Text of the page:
While hydrogen fills stars and gas planets, here on Earth, it is rarely in a naturally free state. Rather, it’s bonded to other elements. For example, when combined with oxygen, it forms water - H20. Hydrogen gas is colourless, odourless, tasteless and non-toxic.
Hydrogen gas was first produced artificially way back in the 16th century. Because the element only produces water when it’s burned, it was named hydrogen, Greek for “water-former.”
On its own, hydrogen is not a fuel or source of energy. Rather, when hydrogen burns, it reacts with the oxygen in the air to create heat. This heat is then used for energy. Water and a few nitrogen oxides are the only by-products.
Therefore, hydrogen is considered an energy carrier – it stores energy first created elsewhere. Fortunately, there are many ways of producing hydrogen fuel, such as electrolysis using hydroelectricity, solar, wind and nuclear power.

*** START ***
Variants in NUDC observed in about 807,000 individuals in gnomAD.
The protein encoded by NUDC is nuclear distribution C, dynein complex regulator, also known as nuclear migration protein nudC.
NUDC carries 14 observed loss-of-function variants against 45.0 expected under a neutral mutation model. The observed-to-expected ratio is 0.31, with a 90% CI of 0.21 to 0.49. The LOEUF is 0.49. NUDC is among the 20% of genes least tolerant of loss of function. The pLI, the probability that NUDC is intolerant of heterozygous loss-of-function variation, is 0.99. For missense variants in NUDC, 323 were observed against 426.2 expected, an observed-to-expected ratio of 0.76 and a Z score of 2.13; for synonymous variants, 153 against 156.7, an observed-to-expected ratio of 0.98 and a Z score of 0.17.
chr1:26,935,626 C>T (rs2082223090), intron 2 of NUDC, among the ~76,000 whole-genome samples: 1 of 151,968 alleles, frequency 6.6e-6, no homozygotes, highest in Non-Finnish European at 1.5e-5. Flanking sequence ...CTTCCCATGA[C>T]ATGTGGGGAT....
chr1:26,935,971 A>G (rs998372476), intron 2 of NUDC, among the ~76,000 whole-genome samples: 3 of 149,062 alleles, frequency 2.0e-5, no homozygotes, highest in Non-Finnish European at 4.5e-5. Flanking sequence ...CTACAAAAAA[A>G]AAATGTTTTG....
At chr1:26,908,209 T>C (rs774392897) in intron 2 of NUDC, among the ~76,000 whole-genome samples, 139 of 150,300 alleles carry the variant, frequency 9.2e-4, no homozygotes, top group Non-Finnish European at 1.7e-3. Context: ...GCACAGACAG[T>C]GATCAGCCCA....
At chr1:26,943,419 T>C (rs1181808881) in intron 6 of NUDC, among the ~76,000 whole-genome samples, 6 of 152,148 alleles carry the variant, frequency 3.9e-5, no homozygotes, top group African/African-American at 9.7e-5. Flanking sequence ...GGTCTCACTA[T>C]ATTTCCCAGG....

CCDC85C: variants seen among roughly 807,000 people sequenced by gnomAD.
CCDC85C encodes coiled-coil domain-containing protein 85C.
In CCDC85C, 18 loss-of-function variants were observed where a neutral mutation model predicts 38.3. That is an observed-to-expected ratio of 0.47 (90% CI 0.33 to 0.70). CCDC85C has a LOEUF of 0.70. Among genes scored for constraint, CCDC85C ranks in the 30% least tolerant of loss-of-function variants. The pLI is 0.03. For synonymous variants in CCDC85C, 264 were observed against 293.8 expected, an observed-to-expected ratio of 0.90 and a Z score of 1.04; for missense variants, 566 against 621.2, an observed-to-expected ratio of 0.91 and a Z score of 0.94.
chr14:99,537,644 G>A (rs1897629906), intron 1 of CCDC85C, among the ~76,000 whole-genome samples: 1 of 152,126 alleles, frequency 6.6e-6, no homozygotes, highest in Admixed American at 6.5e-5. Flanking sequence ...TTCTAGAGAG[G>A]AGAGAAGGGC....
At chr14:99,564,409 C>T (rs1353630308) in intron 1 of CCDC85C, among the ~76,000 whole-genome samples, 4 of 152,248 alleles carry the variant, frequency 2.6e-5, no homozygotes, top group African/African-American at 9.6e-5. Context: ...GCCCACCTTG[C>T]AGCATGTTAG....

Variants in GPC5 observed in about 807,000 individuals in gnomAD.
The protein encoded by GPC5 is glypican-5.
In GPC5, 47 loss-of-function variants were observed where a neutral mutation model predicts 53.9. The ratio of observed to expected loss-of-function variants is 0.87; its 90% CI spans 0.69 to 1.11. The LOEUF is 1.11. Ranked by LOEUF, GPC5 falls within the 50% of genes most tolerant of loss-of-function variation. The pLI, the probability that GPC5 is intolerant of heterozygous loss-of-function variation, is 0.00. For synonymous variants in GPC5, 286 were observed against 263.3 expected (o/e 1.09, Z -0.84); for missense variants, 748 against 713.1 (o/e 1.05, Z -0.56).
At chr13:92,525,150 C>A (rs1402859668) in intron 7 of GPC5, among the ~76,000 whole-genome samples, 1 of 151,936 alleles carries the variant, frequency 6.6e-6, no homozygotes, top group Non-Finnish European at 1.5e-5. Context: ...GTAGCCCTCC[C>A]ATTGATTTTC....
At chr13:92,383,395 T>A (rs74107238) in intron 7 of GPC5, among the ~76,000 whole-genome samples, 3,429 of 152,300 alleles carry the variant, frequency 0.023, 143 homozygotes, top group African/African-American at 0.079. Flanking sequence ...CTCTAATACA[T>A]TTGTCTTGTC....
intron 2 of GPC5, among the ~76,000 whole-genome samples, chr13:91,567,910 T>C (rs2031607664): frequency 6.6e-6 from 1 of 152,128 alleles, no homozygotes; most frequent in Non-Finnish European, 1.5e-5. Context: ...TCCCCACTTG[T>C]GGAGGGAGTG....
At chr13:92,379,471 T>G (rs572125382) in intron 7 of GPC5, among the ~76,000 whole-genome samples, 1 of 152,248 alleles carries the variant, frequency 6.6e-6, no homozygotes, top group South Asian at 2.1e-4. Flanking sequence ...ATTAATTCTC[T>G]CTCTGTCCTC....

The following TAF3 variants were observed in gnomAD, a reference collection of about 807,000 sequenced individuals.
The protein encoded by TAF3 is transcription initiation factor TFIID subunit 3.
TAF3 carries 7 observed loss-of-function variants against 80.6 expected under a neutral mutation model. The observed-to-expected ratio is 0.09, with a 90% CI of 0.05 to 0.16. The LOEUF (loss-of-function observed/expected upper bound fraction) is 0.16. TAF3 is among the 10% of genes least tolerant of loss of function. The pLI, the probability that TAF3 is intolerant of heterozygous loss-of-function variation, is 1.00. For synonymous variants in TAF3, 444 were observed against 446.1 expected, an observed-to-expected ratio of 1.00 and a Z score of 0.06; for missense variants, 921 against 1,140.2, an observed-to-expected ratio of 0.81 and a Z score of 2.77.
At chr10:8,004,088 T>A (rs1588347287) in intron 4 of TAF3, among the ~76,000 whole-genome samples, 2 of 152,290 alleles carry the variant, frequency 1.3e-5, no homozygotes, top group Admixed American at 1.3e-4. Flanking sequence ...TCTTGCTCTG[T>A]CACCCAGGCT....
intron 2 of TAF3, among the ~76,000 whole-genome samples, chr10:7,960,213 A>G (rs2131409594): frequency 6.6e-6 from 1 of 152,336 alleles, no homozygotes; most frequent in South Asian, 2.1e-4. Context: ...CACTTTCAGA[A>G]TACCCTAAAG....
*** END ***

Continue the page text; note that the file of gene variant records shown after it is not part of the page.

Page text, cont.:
As a fuel, hydrogen has been used safely for many decades in a wide range of applications, including in the food, metal, glass and chemical industries. The global hydrogen industry is well established and produces more than 50 million tonnes of hydrogen per year.
Hydrogen is an excellent fuel for many reasons. Hydrogen is:
- exceptionally clean
- lighter than air
- safe to produce, store and transport
- easy to store in large amounts
- easily produced from many different sources